A recipient who is not a Death Benefits Dependant will be taxed on a lump sum death benefit as follows: • the ‘exempt component’ will be tax-free • tax on the ‘taxable component’ will be capped at either 16.5% including Medicare levy (for the ‘element taxed in the fund’) or 31.5% including Medicare levy (for the ‘element untaxed in the fund’). No portion of the taxable component of the death benefit will be tax-free. There is a concessionally taxed portion (known as the ‘low rate cap’) associated with lump sum withdrawals from superannuation, but this is not available on a death benefit. The higher tax rate of 31.5% applies when the taxable component represents an ‘element untaxed in the fund’.

Removal of Reasonable Benefit Limits (RBLs)
Before 1 July 2007, an RBL represented the total amount of concessionally taxed benefits that an individual could receive from the superannuation system. RBLs are no longer a factor in determining the tax treatment of a death benefit.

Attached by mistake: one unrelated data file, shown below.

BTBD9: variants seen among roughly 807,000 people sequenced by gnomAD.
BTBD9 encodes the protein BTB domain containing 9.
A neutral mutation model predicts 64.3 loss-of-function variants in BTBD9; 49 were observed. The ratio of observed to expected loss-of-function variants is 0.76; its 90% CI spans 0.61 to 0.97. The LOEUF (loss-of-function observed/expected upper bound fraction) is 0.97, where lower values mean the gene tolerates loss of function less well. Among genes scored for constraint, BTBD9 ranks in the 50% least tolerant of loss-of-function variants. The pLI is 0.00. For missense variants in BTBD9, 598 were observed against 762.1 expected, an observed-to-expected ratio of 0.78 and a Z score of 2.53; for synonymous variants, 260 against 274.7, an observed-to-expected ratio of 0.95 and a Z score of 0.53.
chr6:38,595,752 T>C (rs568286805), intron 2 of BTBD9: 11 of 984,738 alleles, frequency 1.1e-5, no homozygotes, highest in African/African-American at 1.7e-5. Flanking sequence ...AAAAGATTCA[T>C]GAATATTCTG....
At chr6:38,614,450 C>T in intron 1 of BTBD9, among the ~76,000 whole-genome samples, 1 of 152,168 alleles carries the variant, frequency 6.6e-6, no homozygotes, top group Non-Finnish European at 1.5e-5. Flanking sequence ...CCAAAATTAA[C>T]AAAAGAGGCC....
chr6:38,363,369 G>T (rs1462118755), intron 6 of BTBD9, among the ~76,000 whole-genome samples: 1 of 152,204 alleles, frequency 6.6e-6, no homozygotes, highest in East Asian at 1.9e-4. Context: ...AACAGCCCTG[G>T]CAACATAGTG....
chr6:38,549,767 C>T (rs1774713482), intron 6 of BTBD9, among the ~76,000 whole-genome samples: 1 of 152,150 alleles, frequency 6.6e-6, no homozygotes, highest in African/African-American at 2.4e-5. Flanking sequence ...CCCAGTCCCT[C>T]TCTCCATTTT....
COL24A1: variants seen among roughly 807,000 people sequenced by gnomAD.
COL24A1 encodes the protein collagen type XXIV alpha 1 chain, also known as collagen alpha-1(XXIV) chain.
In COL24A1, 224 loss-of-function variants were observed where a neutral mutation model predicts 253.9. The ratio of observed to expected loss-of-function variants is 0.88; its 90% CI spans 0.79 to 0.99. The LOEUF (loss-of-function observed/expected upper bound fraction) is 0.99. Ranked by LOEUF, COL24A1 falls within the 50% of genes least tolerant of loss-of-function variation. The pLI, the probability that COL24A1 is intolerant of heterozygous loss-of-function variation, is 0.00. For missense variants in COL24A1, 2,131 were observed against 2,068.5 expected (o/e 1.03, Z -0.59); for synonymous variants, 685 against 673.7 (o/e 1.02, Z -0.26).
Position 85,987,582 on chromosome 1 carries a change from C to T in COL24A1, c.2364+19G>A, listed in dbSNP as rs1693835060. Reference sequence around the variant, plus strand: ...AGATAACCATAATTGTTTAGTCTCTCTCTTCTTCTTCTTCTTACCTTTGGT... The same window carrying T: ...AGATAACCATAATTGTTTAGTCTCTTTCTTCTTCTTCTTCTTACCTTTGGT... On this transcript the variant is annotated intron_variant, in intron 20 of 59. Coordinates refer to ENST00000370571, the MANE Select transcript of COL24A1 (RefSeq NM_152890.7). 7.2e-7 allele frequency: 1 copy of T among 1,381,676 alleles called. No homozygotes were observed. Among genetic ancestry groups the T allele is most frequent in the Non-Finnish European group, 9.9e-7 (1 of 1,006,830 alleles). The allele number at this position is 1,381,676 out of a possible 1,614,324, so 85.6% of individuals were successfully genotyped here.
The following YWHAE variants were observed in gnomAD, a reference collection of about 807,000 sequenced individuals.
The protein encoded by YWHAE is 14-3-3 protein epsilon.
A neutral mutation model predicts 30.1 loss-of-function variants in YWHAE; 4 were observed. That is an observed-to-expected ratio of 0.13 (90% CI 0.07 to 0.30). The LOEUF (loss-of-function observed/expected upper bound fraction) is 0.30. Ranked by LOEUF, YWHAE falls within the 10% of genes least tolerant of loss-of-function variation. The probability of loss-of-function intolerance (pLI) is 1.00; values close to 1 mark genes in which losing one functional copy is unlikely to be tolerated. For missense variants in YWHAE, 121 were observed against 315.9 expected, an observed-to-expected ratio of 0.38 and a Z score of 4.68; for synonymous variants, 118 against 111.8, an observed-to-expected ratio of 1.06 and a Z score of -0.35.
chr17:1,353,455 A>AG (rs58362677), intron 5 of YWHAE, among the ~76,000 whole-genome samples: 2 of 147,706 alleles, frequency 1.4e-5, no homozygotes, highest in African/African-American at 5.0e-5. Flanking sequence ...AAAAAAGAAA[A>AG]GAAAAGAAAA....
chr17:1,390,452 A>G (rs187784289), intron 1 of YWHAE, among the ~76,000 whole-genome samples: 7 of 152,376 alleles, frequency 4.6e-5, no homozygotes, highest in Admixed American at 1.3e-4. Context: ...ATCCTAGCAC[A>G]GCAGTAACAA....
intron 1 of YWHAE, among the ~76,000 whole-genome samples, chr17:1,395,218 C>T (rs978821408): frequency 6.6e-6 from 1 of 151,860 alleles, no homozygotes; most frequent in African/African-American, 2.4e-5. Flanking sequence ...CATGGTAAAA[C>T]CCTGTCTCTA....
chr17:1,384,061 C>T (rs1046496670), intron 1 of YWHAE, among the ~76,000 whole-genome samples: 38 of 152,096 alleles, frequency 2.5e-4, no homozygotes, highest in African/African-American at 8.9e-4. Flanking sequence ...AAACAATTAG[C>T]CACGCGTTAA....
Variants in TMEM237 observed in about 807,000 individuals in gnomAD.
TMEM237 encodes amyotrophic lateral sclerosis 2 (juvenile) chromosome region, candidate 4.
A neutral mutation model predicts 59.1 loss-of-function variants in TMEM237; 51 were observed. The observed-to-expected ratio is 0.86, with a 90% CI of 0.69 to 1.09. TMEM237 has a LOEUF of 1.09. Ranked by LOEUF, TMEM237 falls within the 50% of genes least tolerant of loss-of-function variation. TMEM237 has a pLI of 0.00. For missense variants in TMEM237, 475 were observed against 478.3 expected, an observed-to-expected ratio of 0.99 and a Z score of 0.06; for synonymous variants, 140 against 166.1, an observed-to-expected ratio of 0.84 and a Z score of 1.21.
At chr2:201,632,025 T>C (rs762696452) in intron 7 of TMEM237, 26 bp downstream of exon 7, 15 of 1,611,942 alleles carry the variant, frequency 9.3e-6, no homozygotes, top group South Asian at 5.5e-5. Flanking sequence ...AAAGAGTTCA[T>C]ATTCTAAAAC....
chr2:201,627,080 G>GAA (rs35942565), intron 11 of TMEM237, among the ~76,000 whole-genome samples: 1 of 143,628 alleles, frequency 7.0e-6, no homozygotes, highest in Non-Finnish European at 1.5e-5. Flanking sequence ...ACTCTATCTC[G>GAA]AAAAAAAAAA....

Restrictions on payment of death benefit pensions
It is now only possible to pay a pension from the superannuation benefits of a deceased member if the pension recipient is a Death Benefits Dependant. Where a pension is already being paid to the member before their death, the reversion of that pension is now only permitted if the reversionary beneficiary is a Death Benefits Dependant, regardless of when the pension was first commenced. Death benefit pensions paid to children must be commuted once the child attains 25 years of age (unless the child is permanently disabled).

Would you like further information?
For further information please contact your AET Estate Planner on 1800 882 218.

Australian Executor Trustees Limited ABN 84 007 869 794 AFSL No 240023 RSE Licence No L0002554 www.aetlimited.com.au
Australian Executor Trustees Limited (AET) AFSL No 240023 provides a range of professional estate planning, superannuation, trustee and investment services to clients across Australia. AET assists clients in drafting their Will, preparing an effective Power of Attorney and providing all the specialist professional services required in estate administration. This document provides general advice only and its recipient should seek professional advice before relying on its contents. AET believes the information to be reliable as at date of issue but excludes all liability for any liability to the extent the law allows.